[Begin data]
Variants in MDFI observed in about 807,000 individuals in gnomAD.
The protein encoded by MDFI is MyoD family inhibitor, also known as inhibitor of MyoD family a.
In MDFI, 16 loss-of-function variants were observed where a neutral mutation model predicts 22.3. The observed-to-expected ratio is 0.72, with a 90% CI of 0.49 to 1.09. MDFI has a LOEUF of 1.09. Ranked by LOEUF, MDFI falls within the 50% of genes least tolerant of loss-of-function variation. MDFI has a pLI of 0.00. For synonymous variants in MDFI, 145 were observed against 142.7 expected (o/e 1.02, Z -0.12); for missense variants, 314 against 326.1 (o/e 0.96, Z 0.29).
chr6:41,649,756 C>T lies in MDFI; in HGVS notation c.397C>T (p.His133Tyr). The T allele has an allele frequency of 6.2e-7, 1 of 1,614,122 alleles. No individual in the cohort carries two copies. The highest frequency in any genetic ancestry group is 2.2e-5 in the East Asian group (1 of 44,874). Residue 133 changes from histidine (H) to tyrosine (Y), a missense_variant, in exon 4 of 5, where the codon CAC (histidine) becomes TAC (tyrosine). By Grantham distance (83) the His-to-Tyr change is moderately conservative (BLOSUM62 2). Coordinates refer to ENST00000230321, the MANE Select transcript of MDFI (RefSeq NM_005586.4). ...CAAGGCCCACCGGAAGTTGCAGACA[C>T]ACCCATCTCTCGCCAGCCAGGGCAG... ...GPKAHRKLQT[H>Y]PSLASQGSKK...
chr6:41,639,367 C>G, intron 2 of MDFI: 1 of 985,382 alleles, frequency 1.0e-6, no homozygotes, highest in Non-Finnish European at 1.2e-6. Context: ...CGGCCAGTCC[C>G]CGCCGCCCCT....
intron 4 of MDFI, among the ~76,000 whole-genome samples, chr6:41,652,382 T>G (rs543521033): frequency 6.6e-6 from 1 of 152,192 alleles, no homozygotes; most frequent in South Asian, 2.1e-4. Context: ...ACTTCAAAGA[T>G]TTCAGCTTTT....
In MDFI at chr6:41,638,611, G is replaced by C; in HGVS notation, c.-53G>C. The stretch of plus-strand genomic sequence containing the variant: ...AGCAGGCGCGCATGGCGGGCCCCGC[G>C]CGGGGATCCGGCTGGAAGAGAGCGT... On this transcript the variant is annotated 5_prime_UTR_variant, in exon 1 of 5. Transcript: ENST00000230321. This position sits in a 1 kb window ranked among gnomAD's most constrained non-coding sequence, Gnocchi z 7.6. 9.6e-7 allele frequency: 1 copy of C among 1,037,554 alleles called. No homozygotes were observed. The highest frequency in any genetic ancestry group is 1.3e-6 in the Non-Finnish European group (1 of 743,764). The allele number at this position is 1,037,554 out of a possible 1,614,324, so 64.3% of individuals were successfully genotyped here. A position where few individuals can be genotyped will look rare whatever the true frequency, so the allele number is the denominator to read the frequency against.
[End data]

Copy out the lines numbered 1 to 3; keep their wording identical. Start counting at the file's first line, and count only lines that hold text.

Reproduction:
Variants in MDFI observed in about 807,000 individuals in gnomAD.
The protein encoded by MDFI is MyoD family inhibitor, also known as inhibitor of MyoD family a.
In MDFI, 16 loss-of-function variants were observed where a neutral mutation model predicts 22.3. The observed-to-expected ratio is 0.72, with a 90% CI of 0.49 to 1.09. MDFI has a LOEUF of 1.09. Ranked by LOEUF, MDFI falls within the 50% of genes least tolerant of loss-of-function variation. MDFI has a pLI of 0.00. For synonymous variants in MDFI, 145 were observed against 142.7 expected (o/e 1.02, Z -0.12); for missense variants, 314 against 326.1 (o/e 0.96, Z 0.29).